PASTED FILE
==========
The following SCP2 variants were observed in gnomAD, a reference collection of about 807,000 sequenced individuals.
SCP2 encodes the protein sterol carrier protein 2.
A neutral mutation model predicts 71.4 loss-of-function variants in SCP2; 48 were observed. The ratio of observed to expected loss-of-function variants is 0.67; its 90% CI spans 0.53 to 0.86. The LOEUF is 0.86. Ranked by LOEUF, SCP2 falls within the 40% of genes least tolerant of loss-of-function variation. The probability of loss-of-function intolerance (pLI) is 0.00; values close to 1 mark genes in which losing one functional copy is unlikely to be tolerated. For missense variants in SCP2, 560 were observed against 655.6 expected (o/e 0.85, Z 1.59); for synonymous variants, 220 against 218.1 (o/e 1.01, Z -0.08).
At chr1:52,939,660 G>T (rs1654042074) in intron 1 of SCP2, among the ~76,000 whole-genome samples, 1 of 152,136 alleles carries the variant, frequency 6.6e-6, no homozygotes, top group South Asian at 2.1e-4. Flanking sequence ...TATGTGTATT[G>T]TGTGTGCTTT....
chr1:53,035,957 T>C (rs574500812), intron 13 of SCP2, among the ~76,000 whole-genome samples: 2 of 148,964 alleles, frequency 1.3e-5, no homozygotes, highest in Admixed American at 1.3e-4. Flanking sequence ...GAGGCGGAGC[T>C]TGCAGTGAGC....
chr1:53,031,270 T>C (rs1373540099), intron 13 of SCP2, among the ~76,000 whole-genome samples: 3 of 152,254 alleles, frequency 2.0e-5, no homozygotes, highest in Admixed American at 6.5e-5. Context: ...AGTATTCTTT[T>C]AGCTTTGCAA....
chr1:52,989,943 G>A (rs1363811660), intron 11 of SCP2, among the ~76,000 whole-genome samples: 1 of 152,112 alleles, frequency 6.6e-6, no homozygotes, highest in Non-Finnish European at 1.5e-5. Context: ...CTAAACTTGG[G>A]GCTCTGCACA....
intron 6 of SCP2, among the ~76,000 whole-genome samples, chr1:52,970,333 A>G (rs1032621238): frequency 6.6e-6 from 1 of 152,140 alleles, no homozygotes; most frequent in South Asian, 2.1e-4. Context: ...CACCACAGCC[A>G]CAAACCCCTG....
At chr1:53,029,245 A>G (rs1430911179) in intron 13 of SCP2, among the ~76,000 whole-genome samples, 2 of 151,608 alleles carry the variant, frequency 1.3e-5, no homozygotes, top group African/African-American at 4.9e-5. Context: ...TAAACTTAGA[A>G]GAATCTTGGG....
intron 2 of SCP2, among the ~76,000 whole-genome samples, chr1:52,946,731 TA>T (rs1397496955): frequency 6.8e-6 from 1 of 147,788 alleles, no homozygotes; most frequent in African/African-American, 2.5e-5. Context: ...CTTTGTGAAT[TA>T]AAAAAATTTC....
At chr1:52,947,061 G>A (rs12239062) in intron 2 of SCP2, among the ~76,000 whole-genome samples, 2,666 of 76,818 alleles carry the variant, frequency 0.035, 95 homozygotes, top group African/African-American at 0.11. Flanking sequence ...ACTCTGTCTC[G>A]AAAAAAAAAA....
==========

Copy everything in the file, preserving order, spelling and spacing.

The following SCP2 variants were observed in gnomAD, a reference collection of about 807,000 sequenced individuals.
SCP2 encodes the protein sterol carrier protein 2.
A neutral mutation model predicts 71.4 loss-of-function variants in SCP2; 48 were observed. The ratio of observed to expected loss-of-function variants is 0.67; its 90% CI spans 0.53 to 0.86. The LOEUF is 0.86. Ranked by LOEUF, SCP2 falls within the 40% of genes least tolerant of loss-of-function variation. The probability of loss-of-function intolerance (pLI) is 0.00; values close to 1 mark genes in which losing one functional copy is unlikely to be tolerated. For missense variants in SCP2, 560 were observed against 655.6 expected (o/e 0.85, Z 1.59); for synonymous variants, 220 against 218.1 (o/e 1.01, Z -0.08).
At chr1:52,939,660 G>T (rs1654042074) in intron 1 of SCP2, among the ~76,000 whole-genome samples, 1 of 152,136 alleles carries the variant, frequency 6.6e-6, no homozygotes, top group South Asian at 2.1e-4. Flanking sequence ...TATGTGTATT[G>T]TGTGTGCTTT....
chr1:53,035,957 T>C (rs574500812), intron 13 of SCP2, among the ~76,000 whole-genome samples: 2 of 148,964 alleles, frequency 1.3e-5, no homozygotes, highest in Admixed American at 1.3e-4. Flanking sequence ...GAGGCGGAGC[T>C]TGCAGTGAGC....
chr1:53,031,270 T>C (rs1373540099), intron 13 of SCP2, among the ~76,000 whole-genome samples: 3 of 152,254 alleles, frequency 2.0e-5, no homozygotes, highest in Admixed American at 6.5e-5. Context: ...AGTATTCTTT[T>C]AGCTTTGCAA....
chr1:52,989,943 G>A (rs1363811660), intron 11 of SCP2, among the ~76,000 whole-genome samples: 1 of 152,112 alleles, frequency 6.6e-6, no homozygotes, highest in Non-Finnish European at 1.5e-5. Context: ...CTAAACTTGG[G>A]GCTCTGCACA....
intron 6 of SCP2, among the ~76,000 whole-genome samples, chr1:52,970,333 A>G (rs1032621238): frequency 6.6e-6 from 1 of 152,140 alleles, no homozygotes; most frequent in South Asian, 2.1e-4. Context: ...CACCACAGCC[A>G]CAAACCCCTG....
At chr1:53,029,245 A>G (rs1430911179) in intron 13 of SCP2, among the ~76,000 whole-genome samples, 2 of 151,608 alleles carry the variant, frequency 1.3e-5, no homozygotes, top group African/African-American at 4.9e-5. Context: ...TAAACTTAGA[A>G]GAATCTTGGG....
intron 2 of SCP2, among the ~76,000 whole-genome samples, chr1:52,946,731 TA>T (rs1397496955): frequency 6.8e-6 from 1 of 147,788 alleles, no homozygotes; most frequent in African/African-American, 2.5e-5. Context: ...CTTTGTGAAT[TA>T]AAAAAATTTC....
At chr1:52,947,061 G>A (rs12239062) in intron 2 of SCP2, among the ~76,000 whole-genome samples, 2,666 of 76,818 alleles carry the variant, frequency 0.035, 95 homozygotes, top group African/African-American at 0.11. Flanking sequence ...ACTCTGTCTC[G>A]AAAAAAAAAA....